Oh My Gosh!! Don’t get me started on teachers’ pay and particularly the aides’ pay
McGill: Consequences to raising teacher pay
Posted: Tuesday, January 31, 2012 5:32 pm
Updated: 5:22 pm, Thu Feb 2, 2012.
State Sen. Shadrack McGill defended a pay raise his predecessors in the Legislature passed, but said doubling teacher pay could lead to less-qualified educators.
At a prayer breakfast in Fort Payne this week, McGill was asked about the death of a defendant in the public corruption trial that was scheduled to begin Monday. Ray Crosby, a former legislative employee, was facing one count of bribery in federal court.
Also on trial are one current and two former state senators, a lobbyist and consultant for gambling and a casino owner.
McGill, R-Woodville, said a 62 percent pay raise in 2007 – passed first by a controversial voice vote and later in an override of a veto by then-Gov. Bob Riley – better rewards lawmakers and makes them less susceptible to being swayed by lobbyists.
Lawmakers entered the 2007 legislative session making $30,710 a year, a rate that had not been changed in 16 years. The raise increased it to $49,500 annually.
“That played into the corruption, guys, big time,” he said. “You had your higher-ranking legislators that were connected with the lobbyists making up in the millions of dollars. They weren’t worried about that $30,000 paid salary they were getting,” McGill said, adding that lawmakers have to pay for their expenses out of pocket.
McGill said that by paying legislators more, they’re less susceptible to taking bribes.
“He needs to make enough that he can say no, in regards to temptation. … Teachers need to make the money that they need to make. There needs to be a balance there. If you double what you’re paying education, you know what’s going to happen? I’ve heard the comment many times, ‘Well, the quality of education’s going to go up.’ That’s never proven to happen, guys.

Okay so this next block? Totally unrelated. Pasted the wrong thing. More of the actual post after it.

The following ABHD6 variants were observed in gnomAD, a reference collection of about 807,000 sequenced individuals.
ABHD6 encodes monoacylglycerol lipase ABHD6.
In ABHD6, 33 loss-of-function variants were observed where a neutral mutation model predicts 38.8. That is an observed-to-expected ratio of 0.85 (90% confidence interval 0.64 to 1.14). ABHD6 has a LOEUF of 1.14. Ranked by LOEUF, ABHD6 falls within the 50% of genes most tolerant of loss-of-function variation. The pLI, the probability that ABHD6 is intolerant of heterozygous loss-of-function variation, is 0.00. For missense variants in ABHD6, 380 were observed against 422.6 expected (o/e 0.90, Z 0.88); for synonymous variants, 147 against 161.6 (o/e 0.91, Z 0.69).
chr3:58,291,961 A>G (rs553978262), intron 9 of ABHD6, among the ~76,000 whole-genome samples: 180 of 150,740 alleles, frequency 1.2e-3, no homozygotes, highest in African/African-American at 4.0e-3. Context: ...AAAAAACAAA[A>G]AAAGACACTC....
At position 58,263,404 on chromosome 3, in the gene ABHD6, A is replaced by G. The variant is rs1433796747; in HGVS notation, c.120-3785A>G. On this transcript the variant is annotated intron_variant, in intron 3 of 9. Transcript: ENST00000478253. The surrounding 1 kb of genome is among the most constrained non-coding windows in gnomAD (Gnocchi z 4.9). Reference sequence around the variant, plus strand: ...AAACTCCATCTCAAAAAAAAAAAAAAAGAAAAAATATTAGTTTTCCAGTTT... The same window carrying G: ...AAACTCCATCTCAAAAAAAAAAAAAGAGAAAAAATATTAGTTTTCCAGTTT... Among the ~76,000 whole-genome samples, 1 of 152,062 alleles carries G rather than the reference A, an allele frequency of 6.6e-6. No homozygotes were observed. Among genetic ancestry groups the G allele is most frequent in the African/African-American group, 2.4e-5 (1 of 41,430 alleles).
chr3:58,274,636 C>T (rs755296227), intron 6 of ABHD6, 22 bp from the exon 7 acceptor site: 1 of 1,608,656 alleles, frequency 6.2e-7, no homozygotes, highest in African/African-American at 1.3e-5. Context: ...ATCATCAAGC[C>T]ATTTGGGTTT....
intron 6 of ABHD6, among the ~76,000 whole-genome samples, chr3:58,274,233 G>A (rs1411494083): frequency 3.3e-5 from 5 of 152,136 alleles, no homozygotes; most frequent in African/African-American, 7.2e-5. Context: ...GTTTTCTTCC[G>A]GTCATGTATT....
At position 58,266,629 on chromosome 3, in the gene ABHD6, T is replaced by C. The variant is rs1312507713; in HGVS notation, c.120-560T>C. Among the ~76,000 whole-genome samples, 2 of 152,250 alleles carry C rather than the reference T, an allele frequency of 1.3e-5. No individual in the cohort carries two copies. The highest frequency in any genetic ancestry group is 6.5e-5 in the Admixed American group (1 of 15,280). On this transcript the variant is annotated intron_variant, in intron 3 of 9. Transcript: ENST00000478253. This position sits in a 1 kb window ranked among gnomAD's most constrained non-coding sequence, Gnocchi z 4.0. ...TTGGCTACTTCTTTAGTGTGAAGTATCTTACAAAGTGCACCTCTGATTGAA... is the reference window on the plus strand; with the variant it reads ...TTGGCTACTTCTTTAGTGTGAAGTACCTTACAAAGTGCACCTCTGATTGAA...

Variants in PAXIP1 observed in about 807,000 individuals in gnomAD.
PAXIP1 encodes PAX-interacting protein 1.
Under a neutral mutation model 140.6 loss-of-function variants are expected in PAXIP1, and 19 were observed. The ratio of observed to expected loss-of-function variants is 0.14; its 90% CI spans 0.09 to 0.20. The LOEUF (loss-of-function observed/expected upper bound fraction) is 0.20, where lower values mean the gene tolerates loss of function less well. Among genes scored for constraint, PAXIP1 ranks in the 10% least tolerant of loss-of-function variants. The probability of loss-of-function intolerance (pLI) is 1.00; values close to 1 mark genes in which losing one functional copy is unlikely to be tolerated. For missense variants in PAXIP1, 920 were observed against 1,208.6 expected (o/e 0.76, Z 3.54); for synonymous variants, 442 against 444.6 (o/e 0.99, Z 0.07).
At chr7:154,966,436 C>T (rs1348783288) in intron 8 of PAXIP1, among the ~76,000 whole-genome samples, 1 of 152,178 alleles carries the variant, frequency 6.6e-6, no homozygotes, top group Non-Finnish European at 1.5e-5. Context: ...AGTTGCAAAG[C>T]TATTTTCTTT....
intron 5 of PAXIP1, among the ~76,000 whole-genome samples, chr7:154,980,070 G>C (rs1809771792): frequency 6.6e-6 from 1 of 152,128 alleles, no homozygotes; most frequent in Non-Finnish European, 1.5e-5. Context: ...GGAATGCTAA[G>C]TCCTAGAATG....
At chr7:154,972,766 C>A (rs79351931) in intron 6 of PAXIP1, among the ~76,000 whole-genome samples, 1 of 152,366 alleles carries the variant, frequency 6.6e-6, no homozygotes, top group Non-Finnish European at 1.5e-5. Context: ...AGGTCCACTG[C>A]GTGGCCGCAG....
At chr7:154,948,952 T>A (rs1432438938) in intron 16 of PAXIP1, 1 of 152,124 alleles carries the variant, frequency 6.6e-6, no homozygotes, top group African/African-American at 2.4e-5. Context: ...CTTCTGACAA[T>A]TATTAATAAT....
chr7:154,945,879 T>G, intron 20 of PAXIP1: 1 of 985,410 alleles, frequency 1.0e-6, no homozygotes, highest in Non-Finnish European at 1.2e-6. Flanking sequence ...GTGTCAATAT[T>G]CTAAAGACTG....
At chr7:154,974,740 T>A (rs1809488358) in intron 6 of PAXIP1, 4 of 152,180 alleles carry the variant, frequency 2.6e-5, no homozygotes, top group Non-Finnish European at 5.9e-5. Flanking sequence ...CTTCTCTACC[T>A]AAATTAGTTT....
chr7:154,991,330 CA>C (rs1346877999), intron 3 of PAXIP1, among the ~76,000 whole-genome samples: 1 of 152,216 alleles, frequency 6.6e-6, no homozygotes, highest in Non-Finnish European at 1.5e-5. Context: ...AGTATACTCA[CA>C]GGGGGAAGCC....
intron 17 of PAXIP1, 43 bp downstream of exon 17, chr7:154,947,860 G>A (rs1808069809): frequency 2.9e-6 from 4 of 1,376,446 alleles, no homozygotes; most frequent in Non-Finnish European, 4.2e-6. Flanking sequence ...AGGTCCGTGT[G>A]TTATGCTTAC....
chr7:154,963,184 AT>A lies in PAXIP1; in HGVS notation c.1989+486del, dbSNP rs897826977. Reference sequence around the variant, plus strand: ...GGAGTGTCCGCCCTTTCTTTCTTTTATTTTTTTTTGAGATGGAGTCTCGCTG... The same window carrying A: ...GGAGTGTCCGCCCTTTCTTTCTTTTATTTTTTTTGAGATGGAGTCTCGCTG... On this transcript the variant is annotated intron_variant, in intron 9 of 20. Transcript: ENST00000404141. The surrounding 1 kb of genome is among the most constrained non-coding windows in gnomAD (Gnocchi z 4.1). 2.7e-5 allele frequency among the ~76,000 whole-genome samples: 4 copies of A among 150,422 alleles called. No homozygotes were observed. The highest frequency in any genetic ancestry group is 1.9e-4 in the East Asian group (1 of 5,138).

“It’s a Biblical principle. If you double a teacher’s pay scale, you’ll attract people who aren’t called to teach.
“To go in and raise someone’s child for eight hours a day, or many people’s children for eight hours a day, requires a calling. It better be a calling in your life. I know I wouldn’t want to do it, OK?
“And these teachers that are called to teach, regardless of the pay scale, they would teach. It’s just in them to do. It’s the ability that God give ’em. And there are also some teachers, it wouldn’t matter how much you would pay them, they would still perform to the same capacity.
“If you don’t keep that in balance, you’re going to attract people who are not called, who don’t need to be teaching our children. So, everything has a balance.”
Last year, McGill introduced a bill that would tie legislators’ pay to the average teacher’s pay, including benefits. He later claimed teachers in Alabama rank fourth in the nation in average pay and benefits of about $65,000.
“The AEA [Alabama Education Association] would have a tough time with that because they don’t want people knowing that information,” McGill told an audience in Fort Payne in November.
Sen. Phil Williams, R-Rainbow City, said last week he would introduce a bill to raise the pay of teachers on the job for fewer than nine years by 2½ percent. Williams said the state can’t afford to give a raise to all teachers.
Rep. Craig Ford, D-Gadsden, told the Times-Journal on Friday that such a raise wouldn’t be fair to longer-serving teachers.
“They’re the ones that are having the hardest time paying their bills,” said Ford, the House minority leader.
In a statement later in the day, Ford said, “This proposal may be one of the most absurd things Phil Williams and the Republican supermajority have ever tried to pull.”
The new executive secretary of the Alabama Education Association, James Mabry, will be in Fort Payne on Wednesday to speak with AEA members about the upcoming legislative session.
The meeting will begin at 5 p.m. at the Fort Payne City Hall auditorium. The legislative session will begin Tuesday in Montgomery.
Just goes to show you. Everyone should be forced to stay in a classroom for at least a month. They just don’t get it. This article was printed in DeKalb, Alabama.